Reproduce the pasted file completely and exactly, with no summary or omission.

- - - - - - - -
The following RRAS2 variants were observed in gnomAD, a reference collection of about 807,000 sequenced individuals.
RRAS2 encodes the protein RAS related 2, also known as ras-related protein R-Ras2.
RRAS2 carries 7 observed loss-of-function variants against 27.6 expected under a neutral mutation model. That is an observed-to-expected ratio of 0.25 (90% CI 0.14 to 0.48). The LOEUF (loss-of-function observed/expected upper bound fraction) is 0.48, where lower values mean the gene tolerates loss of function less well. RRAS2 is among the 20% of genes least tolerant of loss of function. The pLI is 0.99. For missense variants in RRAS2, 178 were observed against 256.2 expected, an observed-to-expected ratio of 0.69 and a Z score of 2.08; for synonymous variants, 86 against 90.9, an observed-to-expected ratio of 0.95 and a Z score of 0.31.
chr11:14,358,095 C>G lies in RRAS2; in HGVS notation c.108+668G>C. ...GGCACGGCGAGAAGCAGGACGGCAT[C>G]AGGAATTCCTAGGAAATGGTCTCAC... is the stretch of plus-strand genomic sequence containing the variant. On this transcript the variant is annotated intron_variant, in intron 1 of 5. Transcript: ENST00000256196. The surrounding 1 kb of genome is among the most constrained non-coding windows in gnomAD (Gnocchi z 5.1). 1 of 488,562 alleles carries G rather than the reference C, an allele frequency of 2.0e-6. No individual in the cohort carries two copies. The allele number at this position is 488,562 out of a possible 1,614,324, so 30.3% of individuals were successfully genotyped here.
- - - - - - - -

The following RRAS2 variants were observed in gnomAD, a reference collection of about 807,000 sequenced individuals.
RRAS2 encodes the protein RAS related 2, also known as ras-related protein R-Ras2.
RRAS2 carries 7 observed loss-of-function variants against 27.6 expected under a neutral mutation model. That is an observed-to-expected ratio of 0.25 (90% CI 0.14 to 0.48). The LOEUF (loss-of-function observed/expected upper bound fraction) is 0.48, where lower values mean the gene tolerates loss of function less well. RRAS2 is among the 20% of genes least tolerant of loss of function. The pLI is 0.99. For missense variants in RRAS2, 178 were observed against 256.2 expected, an observed-to-expected ratio of 0.69 and a Z score of 2.08; for synonymous variants, 86 against 90.9, an observed-to-expected ratio of 0.95 and a Z score of 0.31.
chr11:14,358,095 C>G lies in RRAS2; in HGVS notation c.108+668G>C. ...GGCACGGCGAGAAGCAGGACGGCAT[C>G]AGGAATTCCTAGGAAATGGTCTCAC... is the stretch of plus-strand genomic sequence containing the variant. On this transcript the variant is annotated intron_variant, in intron 1 of 5. Transcript: ENST00000256196. The surrounding 1 kb of genome is among the most constrained non-coding windows in gnomAD (Gnocchi z 5.1). 1 of 488,562 alleles carries G rather than the reference C, an allele frequency of 2.0e-6. No individual in the cohort carries two copies. The allele number at this position is 488,562 out of a possible 1,614,324, so 30.3% of individuals were successfully genotyped here.